The Connecticut native decided to seek adventure with a move to Los Angeles in 2002. A headhunter led her to the office management job at Broad Foundation.

“And that was where I got the adventure I was looking for,” she said.

While “office manager” may not sound like an adventurer’s dream, Riley said her initial interview with Broad convinced her it could be. She was impressed that the leader of the organization would take time to interview her for what she called “a very entry level position.

“It didn’t take me long to realize there would be a lot of opportunity,” Riley said. “It became clear very quickly that there would be lots of opportunities to take on responsibility.”

Riley’s involvement with Broad’s various philanthropic entities has been wide-ranging, including overseeing the high-profile architectural competition and opening activities for the September, 2015 opening of the Broad museum. The $140 million structure, covered with a distinctive white honeycomb veil, was designed by Diller Scofidio + Renfro of New York in collaboration with Gensler’s downtown office.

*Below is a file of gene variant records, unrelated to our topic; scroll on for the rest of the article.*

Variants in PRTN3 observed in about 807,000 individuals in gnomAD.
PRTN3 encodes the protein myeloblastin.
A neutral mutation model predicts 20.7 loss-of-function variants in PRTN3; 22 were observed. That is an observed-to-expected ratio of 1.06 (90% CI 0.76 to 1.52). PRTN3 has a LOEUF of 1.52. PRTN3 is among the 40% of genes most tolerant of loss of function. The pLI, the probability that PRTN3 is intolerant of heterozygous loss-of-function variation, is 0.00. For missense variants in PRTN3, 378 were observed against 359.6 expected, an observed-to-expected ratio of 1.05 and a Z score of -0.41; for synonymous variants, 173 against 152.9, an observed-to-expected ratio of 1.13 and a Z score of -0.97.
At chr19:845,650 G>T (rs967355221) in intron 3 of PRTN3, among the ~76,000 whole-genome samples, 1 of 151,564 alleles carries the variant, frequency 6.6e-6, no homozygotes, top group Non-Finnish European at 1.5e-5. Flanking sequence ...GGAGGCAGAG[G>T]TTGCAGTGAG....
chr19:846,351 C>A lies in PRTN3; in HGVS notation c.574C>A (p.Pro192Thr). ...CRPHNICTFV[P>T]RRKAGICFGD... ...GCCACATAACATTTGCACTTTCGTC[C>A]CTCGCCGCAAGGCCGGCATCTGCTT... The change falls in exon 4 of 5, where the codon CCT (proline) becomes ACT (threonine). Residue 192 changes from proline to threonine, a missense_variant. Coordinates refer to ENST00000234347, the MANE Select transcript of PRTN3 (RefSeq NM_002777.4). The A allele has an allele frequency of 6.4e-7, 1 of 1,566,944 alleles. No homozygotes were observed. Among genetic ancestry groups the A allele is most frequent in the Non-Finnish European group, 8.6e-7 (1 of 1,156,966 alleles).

Riley cited the enormous responsibilities as an example of Broad’s penchant for rewarding bold moves: “I came to him and said, let me do it. And he said OK, and that was it, and I was off,” she said. “That’s not an unusual example of the ways that he gives people who work for him much more responsibility and challenge than they thought they were capable of.”

Fearless under fire

Riley recently joined the board of the Broad Institute in Cambridge, Mass., the foundation’s largest grantee, and works with both MIT and Harvard University.

The institute is headed by geneticist, molecular biologist and mathematician Eric Lander. Lander, a professor at both MIT and Harvard Medical School, was one of the leaders of the Human Genome Project, and served as co-chair of the President’s Council of Advisors on Science and Technology for President Barack Obama.